Clip: A Behind-the-Scenes Look at the Civil Rights Act of 1964

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This week, three former presidents — Jimmy Carter, Bill Clinton, George W. Bush — and current President Barack Obama are gathering in Austin, Texas, to remember the legacy of President Lyndon B. Johnson, who signed the Civil Rights Act into law 50 years ago this July. The LBJ Presidential Library is hosting a three-day Civil Rights Summit (you can watch the live stream here) to commemorate the Act and LBJ’s role in getting it passed.

Bill Moyers was a young special assistant to Johnson at the time, and witnessed first-hand his aggressive approach, utilizing both arm-twisting and charm, to getting legislation through Congress. In this 2008 essay from Bill Moyers Journal, Bill remembers Martin Luther King Jr.’s push for civil rights legislation and the behind-the-scenes cooperation between King and Johnson that led to the passage of the 1964 Act.

Bill recalls Johnson facing down a Congress controlled by Southern Democrats who were “die-hard racists—all of them, including some of his old mentors, white supremacists who threatened to bring the government, if not the country, to its knees before they would see blacks eat at the same restaurants, go to the same schools, drink from the same fountains, and live in the same neighborhoods as whites.”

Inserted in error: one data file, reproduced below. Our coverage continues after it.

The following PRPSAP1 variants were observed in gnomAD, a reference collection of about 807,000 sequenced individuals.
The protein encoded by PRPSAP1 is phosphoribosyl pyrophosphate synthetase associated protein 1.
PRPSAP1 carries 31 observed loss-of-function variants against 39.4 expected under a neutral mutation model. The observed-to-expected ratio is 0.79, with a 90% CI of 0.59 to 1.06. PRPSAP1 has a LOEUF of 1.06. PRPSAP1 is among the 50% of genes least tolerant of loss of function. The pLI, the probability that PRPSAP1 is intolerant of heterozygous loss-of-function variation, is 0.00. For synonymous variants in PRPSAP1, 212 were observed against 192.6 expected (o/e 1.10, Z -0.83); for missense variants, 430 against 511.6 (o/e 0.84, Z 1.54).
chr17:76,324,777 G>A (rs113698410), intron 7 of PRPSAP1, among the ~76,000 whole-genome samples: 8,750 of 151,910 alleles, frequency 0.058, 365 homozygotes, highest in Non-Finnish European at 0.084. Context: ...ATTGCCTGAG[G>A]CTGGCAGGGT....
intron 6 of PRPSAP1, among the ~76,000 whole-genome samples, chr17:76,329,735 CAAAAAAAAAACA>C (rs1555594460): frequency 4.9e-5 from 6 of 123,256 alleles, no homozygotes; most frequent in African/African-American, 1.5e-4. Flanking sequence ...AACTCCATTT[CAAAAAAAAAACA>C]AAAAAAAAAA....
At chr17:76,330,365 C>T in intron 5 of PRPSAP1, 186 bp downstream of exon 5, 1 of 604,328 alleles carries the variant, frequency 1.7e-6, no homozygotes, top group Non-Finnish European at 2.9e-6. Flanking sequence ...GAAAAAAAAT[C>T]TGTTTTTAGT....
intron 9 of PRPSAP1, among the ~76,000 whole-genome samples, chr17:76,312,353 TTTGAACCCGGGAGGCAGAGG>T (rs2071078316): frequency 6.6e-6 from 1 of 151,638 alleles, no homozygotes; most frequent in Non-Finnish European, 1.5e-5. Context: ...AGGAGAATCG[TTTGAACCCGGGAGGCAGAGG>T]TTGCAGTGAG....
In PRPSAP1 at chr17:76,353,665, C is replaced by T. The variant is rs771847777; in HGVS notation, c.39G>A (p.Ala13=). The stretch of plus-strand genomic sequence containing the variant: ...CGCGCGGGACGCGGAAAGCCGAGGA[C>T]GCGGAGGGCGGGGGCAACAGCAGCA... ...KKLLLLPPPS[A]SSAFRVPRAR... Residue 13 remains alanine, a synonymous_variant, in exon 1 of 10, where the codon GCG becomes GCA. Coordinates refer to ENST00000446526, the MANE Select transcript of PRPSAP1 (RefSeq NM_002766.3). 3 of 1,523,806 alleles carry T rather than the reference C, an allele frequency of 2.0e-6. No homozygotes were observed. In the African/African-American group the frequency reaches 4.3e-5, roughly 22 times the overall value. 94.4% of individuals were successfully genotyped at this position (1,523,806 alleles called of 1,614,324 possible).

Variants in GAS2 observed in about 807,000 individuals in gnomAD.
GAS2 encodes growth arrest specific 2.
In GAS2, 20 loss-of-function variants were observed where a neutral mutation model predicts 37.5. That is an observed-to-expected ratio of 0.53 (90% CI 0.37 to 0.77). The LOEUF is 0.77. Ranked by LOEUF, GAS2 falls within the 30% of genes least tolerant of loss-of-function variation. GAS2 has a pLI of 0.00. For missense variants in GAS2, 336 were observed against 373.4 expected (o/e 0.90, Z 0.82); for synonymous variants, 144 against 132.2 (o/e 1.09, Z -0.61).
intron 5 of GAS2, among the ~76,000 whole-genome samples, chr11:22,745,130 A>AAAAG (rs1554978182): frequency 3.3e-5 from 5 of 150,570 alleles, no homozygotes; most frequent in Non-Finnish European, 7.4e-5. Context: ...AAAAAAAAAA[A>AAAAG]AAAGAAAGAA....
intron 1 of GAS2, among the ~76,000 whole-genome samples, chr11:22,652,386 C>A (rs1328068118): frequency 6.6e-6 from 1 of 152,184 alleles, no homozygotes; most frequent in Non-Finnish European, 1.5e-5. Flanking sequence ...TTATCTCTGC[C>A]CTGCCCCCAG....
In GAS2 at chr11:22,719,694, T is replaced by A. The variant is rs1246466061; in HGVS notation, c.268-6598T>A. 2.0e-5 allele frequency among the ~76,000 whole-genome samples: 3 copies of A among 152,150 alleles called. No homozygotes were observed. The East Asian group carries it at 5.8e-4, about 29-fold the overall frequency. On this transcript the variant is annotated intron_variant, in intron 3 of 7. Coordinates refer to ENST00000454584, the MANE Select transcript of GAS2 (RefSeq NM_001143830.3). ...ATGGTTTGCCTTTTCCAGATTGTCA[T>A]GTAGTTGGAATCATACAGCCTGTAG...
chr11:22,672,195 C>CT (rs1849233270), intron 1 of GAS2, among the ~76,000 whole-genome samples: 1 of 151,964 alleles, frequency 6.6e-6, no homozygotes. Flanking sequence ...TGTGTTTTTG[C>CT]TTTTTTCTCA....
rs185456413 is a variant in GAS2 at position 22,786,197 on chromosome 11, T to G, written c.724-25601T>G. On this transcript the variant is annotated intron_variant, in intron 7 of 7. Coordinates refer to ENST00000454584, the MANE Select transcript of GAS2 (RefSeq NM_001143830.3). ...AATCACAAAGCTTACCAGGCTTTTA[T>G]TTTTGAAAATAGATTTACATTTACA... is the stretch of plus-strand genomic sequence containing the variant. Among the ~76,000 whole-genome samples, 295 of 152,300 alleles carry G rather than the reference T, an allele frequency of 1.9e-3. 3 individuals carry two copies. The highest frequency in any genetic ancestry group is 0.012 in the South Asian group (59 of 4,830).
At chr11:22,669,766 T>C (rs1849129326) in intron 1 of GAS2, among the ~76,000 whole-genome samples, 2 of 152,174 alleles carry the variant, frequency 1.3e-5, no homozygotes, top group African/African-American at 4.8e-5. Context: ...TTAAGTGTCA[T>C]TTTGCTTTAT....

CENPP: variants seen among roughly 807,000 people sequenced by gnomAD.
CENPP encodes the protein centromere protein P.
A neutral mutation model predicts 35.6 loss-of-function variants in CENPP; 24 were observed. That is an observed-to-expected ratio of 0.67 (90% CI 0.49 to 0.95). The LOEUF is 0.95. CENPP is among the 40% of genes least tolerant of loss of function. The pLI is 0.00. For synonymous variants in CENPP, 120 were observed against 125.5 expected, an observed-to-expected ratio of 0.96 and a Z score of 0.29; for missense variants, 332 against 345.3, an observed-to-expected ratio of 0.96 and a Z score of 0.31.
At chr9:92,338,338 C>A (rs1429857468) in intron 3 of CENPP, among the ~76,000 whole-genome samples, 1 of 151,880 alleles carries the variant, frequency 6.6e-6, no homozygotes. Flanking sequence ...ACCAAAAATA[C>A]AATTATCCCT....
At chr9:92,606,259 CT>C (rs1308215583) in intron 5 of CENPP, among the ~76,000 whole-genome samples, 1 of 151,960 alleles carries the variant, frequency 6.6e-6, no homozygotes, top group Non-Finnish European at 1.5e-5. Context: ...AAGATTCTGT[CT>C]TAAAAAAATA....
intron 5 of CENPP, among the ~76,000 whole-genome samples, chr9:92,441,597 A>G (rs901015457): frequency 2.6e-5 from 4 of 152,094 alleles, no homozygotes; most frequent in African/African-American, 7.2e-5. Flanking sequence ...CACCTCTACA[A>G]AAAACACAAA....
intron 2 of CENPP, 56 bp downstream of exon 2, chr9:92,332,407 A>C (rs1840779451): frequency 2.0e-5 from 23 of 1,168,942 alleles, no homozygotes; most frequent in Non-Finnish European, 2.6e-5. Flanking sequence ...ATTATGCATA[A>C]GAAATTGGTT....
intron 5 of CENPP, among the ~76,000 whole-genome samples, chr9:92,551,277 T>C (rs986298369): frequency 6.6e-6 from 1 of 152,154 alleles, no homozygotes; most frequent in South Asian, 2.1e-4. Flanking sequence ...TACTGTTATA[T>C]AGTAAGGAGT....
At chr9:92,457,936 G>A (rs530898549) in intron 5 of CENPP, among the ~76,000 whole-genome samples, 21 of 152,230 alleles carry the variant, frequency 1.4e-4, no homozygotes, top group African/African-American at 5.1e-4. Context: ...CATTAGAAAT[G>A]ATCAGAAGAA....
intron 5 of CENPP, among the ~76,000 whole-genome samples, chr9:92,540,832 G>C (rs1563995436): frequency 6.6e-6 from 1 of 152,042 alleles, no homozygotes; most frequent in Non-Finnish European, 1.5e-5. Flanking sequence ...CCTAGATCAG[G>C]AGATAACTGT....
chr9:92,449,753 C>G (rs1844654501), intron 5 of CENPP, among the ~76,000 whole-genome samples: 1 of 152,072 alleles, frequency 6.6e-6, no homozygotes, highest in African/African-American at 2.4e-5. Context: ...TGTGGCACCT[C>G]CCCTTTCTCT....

Despite those convictions and other challenges, such as an unpopular war and growing unrest at home, Johnson was able to pass an impressive number of initiatives on his “Great Society” agenda, more than any president since. As The New York Times noted in an article about this week’s summit, Johnson’s presidency “represented the high-water mark for American presidents pushing through sweeping legislation — not just the Civil Rights Act, but the Voting Rights Act, Medicare, Medicaid, the Fair Housing Act and major measures on immigration, education, gun control and clean air and water.”

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  • Anonymous

    Really when you look at the accomplishments of the Johnson administration and how many people were served by those Bills he pushed through , who cares whether he was a rude bully etc. – he got it done. Sometimes it takes a not so nice person to accomplish these things —

  • cloudy

    Thank you Bill for reminding all of us just how much legislation Johnson ushered through Congress during those years. I do not believe that anyone else could have gotten the civil rights legislation through in 1964 other than Johnson. We do not need any more folks trying to rewrite history to satisfy their agendas-

  • Whodunit

    Accomplishments aside, the reason behind LBJ’s push on legislation was to make a name for himself. It was not because he felt the southern blacks were being exploited. He wanted to stand out and claim that he was able to do what Kennedy could not do. Problem is he did it by doing political favors for others so they would vote for legislation that made him look good throughout history. I was there too.